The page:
One of the things that I’ve been trying to do since taking on this AD role is improve the learning spaces in our School. We’ve got great labs, but our more flexible spaces are poor by comparison. To be honest, it’s been a key aim of my annual L&T plan for two years and strongly supports our TU Future Facing Learning framework, but this year I’ve been able to extract some funds from the School to address this issue. Where to start though? The relatively recent extension to our Orion Building created some new space there, but the Stephenson Building has been severely lacking. You know what I’m about to say… Until NOW!
The Stephenson Building has superb facilities for engineering practical sessions, but it’s hard to find welcoming space for any other style of learning. Anyone who has taught in Higher Education will tell you that students learn in different ways and styles – this is nothing new. But what is more recent is an investment across the sector in a greater variety of spaces to support these different learning styles. Advance HE, for example, have published a handy review to support the design of learning spaces in this context of increasing student diversity while Jisc have recently released something similar but through a lens of digital developments. Saying this, there’s not actually a huge amount in the published literature, but Andrew Middleton’s Reimagining Spaces for Learning in Higher Education is worth a read.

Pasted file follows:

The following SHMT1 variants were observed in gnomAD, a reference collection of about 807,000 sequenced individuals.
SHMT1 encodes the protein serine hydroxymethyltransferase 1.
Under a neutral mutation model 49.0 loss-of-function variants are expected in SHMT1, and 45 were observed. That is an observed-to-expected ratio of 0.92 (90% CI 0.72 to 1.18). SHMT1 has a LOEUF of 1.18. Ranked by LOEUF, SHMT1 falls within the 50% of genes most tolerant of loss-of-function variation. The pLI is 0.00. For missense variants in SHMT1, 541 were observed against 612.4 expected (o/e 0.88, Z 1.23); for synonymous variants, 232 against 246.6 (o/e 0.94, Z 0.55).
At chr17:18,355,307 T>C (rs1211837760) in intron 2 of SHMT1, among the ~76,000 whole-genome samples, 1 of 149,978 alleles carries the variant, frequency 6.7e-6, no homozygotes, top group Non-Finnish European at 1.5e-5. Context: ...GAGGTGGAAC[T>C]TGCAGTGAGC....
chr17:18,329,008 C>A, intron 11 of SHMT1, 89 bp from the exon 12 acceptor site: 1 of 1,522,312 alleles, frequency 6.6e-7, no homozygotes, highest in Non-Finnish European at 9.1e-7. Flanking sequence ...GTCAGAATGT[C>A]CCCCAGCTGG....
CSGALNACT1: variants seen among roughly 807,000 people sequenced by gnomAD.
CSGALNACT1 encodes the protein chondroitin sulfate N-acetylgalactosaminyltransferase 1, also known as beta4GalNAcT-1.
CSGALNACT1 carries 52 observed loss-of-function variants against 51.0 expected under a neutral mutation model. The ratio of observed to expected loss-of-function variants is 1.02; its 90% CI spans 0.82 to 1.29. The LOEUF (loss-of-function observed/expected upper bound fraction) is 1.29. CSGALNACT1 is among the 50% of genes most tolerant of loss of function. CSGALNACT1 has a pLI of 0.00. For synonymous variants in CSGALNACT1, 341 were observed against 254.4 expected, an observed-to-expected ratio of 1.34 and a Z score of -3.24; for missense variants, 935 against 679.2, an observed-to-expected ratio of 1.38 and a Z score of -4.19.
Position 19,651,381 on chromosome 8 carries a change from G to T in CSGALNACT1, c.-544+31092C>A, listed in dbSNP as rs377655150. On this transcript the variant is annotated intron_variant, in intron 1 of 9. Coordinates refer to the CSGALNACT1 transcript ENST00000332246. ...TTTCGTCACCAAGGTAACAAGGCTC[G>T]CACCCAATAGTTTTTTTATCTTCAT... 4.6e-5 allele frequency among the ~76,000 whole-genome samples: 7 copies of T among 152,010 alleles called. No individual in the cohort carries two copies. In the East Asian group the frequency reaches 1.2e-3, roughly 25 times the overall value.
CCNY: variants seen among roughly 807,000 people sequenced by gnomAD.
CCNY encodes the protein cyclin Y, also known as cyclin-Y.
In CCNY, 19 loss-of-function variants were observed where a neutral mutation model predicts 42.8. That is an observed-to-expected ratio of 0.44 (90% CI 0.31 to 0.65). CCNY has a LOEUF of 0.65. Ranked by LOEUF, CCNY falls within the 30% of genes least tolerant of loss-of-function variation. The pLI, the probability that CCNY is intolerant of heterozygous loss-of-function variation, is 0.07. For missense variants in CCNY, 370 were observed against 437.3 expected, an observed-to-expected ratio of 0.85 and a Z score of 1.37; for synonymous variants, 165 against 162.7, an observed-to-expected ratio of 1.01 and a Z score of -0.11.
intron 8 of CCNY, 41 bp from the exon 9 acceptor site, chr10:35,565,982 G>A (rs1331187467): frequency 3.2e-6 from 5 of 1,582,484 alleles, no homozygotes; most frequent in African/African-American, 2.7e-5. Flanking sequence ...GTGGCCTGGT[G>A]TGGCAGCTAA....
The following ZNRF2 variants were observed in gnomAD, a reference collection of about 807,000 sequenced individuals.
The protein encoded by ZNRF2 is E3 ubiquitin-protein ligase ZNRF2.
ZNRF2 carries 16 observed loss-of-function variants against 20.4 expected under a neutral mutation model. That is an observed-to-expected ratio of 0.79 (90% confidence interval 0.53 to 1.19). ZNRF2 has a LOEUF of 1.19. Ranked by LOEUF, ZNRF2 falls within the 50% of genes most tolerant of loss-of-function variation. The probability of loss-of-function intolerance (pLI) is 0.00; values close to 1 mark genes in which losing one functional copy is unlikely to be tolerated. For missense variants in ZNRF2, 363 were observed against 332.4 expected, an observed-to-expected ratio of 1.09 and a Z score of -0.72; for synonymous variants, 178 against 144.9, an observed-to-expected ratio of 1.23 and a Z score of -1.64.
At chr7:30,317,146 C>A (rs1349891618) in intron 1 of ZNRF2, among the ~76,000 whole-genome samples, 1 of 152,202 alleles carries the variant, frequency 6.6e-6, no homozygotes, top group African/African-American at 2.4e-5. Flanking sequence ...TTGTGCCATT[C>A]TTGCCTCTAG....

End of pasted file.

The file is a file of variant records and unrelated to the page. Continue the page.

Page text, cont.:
The Stephenson is a tricky building to create new spaces in though, as it’s basically a long cavernous corridor with labs and offices pinging off the sides. Last year we were able to get some informal chairs laid out, and I managed to get the long wall repainted from a dark aubergine to a teal which lightened up the whole space. I stand by that decision despite the faces that some of our Design staff pulled. I went for corporate colours, alright, jeez… Anyhow, in between some of our labs are some dead spaces – areas which are little more than weird dark, grotty little corridors. Perceived wisdom said that these were fire escapes, but this wasn’t true. Looking into these areas a little more has made me realise that the Health & Safety staff are actually lovely people, and that you can never trust anything anyone says to you!
So, as hard as it is for me to admit, I don’t actually know everything. Rest assured I’ll never say that again… In terms of these spaces, I knew that I wanted to create bold, exciting and appealing areas for formal and informal work, and although resources like FLEXspace (an open resource that brings together practitioners, experts and decision makers in higher education, libraries, and museums who are focused on campus planning and facilities, learning technology, etc) are useful, I didn’t really know how to do it. Thankfully we have a super-talented cohort of interior design and architecture students led by brilliant staff (Richard, a University Teaching Fellow, and Leanda). Acting as the client (actually I wasn’t acting, I was the client…) I asked our students to get to work.
As you can see, these areas have been utterly transformed. They’re not quite finished yet, and there is a hot pink area which isn’t shown here, but I was so excited I needed to show off now. And it’s already working! To my absolutely delight, as I was showing these spaces to my Dean, there were actual students sitting around using this newly created usable space.
One of the real pleasures of my role, as I’ve said and implied before, is being able to support our students. Sometimes it’s nice to be able to do this in a very real way. And by very real, I mean very very brightly coloured…